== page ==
Chris Lewis "Louie"
February 20, 2013 @ 11:24 am
You may be right as far as them being a snoozefest to some but I know personally that their music and Avett’s music has brought tons of new fans for bands such as Trampled by Turtles and others. I know first hand friends who would never listen to roots or country before, but because of Mumford and Sons are huge roots music fans now.
February 20, 2013 @ 12:15 pm
I don’t think thats a reason to like a band or see anything positive in them. I’m sure that Nine Inch Nails introduced a lot of people to Johnny Cash, and I know that pop country has introduced a lot of people to traditional country…
February 20, 2013 @ 1:23 pm
If it’s impossible to tell if Bob Dylan is a lyrical genius, or a genius at lifting lines, doesn’t that just sorta make him a genius anyway? He’s always been upfront about borrowing lines and melodies. Per his admission, it’s part of the folk process.
And, really, how different is that from remixing?
February 20, 2013 @ 2:01 pm
“He”™s always been upfront about borrowing lines and melodies. Per his admission, it”™s part of the folk process.”
No. The point is that he NEVER admitted to lifting lines from poets and other artists until he was called on the carpet about it. Its one thing to name drop another artist, or refer to one of their prior works, its a wholly different thing to lift entire lines and stanzas from obscure poets, no longer in print, and passing it off as your own, original work, with no mention of the other artist. Thats not part of the “folk tradition” (a lame fall-back, to begin with).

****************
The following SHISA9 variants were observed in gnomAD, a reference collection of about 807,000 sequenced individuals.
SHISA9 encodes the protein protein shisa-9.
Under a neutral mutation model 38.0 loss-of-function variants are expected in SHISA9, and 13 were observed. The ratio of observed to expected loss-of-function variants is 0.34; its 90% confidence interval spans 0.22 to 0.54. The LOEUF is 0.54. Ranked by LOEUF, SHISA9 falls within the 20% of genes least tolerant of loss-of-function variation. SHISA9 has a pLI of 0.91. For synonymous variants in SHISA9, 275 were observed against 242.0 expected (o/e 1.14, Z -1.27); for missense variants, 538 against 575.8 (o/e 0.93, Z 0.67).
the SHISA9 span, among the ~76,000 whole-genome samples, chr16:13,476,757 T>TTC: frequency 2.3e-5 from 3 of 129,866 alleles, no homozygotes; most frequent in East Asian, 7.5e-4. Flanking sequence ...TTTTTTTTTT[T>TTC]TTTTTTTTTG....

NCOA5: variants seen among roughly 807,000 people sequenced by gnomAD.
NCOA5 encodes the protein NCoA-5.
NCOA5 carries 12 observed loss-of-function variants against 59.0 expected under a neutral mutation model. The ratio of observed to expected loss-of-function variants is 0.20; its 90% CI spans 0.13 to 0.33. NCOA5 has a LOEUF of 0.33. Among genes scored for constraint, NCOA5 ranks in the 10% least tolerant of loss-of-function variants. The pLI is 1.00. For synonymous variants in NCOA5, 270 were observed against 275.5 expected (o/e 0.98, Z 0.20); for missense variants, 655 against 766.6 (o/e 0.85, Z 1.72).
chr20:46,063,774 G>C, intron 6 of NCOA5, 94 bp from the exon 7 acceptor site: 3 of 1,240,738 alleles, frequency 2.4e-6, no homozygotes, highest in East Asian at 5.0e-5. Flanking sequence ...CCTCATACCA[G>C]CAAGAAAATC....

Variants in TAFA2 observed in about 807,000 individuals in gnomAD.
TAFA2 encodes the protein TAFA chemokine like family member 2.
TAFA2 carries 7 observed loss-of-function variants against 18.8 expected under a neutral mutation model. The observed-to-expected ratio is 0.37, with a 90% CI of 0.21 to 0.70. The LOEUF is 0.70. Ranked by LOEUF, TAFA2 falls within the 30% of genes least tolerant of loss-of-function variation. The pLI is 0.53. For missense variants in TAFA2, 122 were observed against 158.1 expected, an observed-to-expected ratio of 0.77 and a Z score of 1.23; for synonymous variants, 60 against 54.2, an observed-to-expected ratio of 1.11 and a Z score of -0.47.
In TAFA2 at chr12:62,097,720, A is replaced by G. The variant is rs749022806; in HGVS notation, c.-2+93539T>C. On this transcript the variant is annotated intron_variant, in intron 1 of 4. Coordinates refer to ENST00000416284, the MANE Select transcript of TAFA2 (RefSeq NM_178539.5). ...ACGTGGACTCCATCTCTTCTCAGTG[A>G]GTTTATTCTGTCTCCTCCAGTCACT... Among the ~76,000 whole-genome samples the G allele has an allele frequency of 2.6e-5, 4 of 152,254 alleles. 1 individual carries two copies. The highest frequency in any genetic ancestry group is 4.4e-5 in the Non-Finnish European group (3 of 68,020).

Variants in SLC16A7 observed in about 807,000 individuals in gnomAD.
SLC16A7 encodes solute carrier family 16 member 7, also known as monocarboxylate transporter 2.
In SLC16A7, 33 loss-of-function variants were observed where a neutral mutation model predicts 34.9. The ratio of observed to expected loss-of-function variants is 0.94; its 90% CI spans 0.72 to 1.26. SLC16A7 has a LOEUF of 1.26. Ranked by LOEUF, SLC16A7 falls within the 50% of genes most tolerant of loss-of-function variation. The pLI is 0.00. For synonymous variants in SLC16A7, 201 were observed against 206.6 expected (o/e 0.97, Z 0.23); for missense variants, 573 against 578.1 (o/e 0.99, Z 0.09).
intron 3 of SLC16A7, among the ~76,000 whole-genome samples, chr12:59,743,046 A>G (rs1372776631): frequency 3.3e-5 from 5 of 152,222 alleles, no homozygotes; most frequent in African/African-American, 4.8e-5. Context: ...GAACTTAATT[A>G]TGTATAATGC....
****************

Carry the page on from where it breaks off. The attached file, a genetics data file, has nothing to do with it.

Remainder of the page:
His painting were even found to have been basic forgeries, where he took semi-famous photographs and simply replicated them on canvas, without crediting the photographer.
February 20, 2013 @ 2:14 pm
February 20, 2013 @ 3:12 pm
So it’s only his fault for getting caught? Or is it his fault for using the obscure stuff that required some effort? He never admitted to stealing lines from old folk songs that stole lines from other songs that stole melodies from other songs that stole… Call it what you want, or call it lame, but everything on this planet that has been crafted by human hands is a knock off of something else, credited or not. We have managed to live in the short blip of time in which ideas were afforded protections and rights. And you know what, it’s coming to an end again, through Open Source, Creative Commons, etc. It would be nice to see people credited for their work, and it’s the more honest thing to do, but if you discredit the “folk tradition” please, throw out everything you own that’s not wholly original and design all new things that didn’t rip off something else blindly. Also, is there is a musician in our time that has not been reinterpreted, copied, stolen from, and re-appropriated more than Bob Dylan?
February 20, 2013 @ 12:14 pm
Not sure of their impact but i thought 16 Horsepower stood out in the mid 90s as one of the only bands doing roots type music. Nothing else like it at the time.
February 20, 2013 @ 3:43 pm
Had to chime in because I’m a fan. What is odd about the Mumfords ascension – it is somewhat similar to Metallica, as far as hardcore fans and casual fans go. The Mumford’s rise was much quicker & yes – I get the musical styles and respective historical genres are worlds apart!
Won’t bore you with Metallica’s story (sure most know it). But the Mumfords started out playing music they loved. There was absolutely no career path to ‘biggest type band in the world’ playing crescendo folk music (as there was none for heavy/thrash metal in the early 80’s). But as Trig did a nice job detailing – many bands came before the Mumfords trying to clear the obscure trail.